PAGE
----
Some interesting history, an imaginative plot, and an eclectic cast of characters make this one a satisfying read.

A House By The Shore

 A House By the Shore by Alison Johnson

Alison and Andrew Johnson escaped the rat race by moving to the Hebridean Island of Harris, taking jobs as teachers in order to have free time for excursions and to take advantage of the house provided with those positions.

The weather took some getting used to, but the islanders were friendly and more than generous with the newcomers. Island life meant learning new skills like cutting peat, making lobster pots, and tanning sheepskins, and it would mean becoming acquainted with the local wildlife. Their sometimes surreal encounters with seals, seabirds, etc. are the subject of one particularly beautiful chapter. 

In their ramblings around the island they come across a rundown, uninhabited manse with renovation potential and they start saving money and gathering furniture for a future hotel/guest house.  A chapter on dealing with loans, grants and government regulations makes it clear how frustrating the whole process was. Extensive renovations were needed, most of which they did themselves and which are documented in a (somewhat tedious) chapter given to contruction details. After that chapter come more interesting stories: about their sometimes quirky guests, their workers, adventures in their under-equipped kitchen, and their dog, Monster. The dog stories were great, but I wondered why she didn't mention being pregnant or giving birth to a daughter. The dog got a whole chapter! To give credit where it's due, the daughter does get mentioned after she's been around for a few years. 

Their eclectic assortment of guests included the Prince of Wales; a trio of old soldiers they called Majors Baboon, Chimp, and Gentleman; a bagpiper; and a pair of less than honest "mediamen" - all stories with some comical moments. But what I will remember most about this book are the beautiful island of Harris itself and the author's stellar writing. Even in the sections I didn't particularly enjoy, there were sentences I'd stop to re-read just to absorb their perfect wording again. 

I'm a fan of the "we-left-our-old-lives-to-travel-to-a-new-country-and-make-a-home-there" genre, especially when it's this interesting, entertaining, and well written.

What Maisie Knew

 What Maisie Knew by Henry James

When I read Henry James I am either delighted with his writing or flat out irritated with it and him. The Wings of the Dove for example was an exhillarating reading experience, while What Maisie Knew was both great and greatly irritating. I know that the mood I bring to a book can influence how I react to it, but seriously, what does "His allusion to this meal gave her, in the shaded sprinkled coolness, the scene, as she vaguely felt, of a sort of ordered mirrored license, the haunt of those - the irregular, like herself - who went to bed or rose too late, something to think over while she watched the white-aproned waiter perform as nimbly with plates and saucers as a certain conjurer her friend had in London taken her to a music-hall to see." even mean?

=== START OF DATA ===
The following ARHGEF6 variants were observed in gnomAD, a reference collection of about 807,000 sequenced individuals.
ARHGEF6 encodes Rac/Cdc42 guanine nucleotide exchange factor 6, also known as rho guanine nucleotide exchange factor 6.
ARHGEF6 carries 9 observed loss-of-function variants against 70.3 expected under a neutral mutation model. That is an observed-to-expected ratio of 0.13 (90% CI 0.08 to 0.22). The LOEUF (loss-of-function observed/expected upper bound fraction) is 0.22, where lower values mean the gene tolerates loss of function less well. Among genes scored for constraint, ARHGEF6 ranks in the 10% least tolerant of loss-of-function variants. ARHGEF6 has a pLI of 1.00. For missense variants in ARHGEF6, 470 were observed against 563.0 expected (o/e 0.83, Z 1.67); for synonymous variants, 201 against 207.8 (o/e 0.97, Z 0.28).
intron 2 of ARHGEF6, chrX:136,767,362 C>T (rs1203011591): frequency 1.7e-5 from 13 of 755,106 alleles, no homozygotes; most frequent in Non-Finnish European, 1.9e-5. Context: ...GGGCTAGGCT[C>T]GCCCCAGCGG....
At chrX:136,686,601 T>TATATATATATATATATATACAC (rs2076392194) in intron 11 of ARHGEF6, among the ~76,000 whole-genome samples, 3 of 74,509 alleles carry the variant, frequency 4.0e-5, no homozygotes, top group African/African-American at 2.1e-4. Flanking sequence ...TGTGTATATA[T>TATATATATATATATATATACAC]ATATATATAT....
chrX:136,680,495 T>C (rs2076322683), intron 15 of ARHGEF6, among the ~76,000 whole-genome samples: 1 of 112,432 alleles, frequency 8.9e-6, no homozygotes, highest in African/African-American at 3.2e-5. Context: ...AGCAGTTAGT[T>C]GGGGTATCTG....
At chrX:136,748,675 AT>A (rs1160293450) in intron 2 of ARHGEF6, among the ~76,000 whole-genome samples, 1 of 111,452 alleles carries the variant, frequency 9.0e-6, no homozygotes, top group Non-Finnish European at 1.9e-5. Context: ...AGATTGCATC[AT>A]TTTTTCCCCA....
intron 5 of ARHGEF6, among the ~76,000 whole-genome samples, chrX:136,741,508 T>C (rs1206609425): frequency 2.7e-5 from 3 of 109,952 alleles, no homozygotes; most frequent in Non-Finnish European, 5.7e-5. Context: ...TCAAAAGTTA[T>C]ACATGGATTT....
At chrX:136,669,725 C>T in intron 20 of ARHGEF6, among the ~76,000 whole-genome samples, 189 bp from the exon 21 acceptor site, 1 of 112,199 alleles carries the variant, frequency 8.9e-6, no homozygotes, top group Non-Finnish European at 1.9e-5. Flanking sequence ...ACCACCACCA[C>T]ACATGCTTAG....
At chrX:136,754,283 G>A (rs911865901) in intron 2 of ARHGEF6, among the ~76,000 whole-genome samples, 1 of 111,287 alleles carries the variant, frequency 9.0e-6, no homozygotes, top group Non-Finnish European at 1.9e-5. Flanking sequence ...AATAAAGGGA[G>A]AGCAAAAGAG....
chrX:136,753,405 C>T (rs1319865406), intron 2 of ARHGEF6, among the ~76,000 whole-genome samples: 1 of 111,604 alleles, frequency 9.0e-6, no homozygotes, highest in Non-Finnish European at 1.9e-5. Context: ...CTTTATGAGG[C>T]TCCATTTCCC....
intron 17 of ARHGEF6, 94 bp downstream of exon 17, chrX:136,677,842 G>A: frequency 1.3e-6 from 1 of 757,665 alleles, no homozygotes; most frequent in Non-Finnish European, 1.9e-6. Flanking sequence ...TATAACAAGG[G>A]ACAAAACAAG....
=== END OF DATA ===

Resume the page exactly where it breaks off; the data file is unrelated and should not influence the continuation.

I usually enjoy figuring out his convoluted word mazes but for some reason I found myself grumbling my way through this one. Maybe I was in too much of a hurry to appreciate his tendency to use 74 words where 12 might do, but whatever the reason, I think I'll wait awhile before I tackle another one. He's been one of my favourite authors for a long time and I don't want to mess that up. 

As for the story, Maisie is the little girl through whose eyes it is seen. Her mother and father, narcissistic jerks who can't stand each other, don't have the time or the inclination to look after her. They split up and re-marry, then those new relationships fall apart and the new husband and new wife get together, creating a very complicated situation indeed. 

Poor little Maisie gets shuffled back and forth among all these adults and has to listen to each of them complaining about the others, even being required to pass on insults when she leaves one home for the next. The question of who will raise her isn't answered till the very end and when it did come it didn't make a lot of sense. Yes, it was a different time and place, but surely there must have been some protections in place for children. Could parents simply decide not to raise their child and give her away to anyone who was willing to take her? And I can't believe any adult would let a child make the final decision about guardianship based on that child's ultimatum, no matter how well-meant the ultimatum was.

Despite being rejected by her parents, Sadie maintains her good attitude through all the changes, and it's a good thing because she's the only character who's likeable at all. Her step-father, Charles, has potential but in the end he turns out to be as flaky as the rest of them. There aren't many people in this story to admire. 

Having said all that, I am glad I read it. Henry James' dizzying wordiness may annoy me now and again, but most of the time I'm simply in awe of his brilliant use of the English language, the beautiful structure of his sentences, and his insight into the human psyche. 

I'll never give up on you, Henry.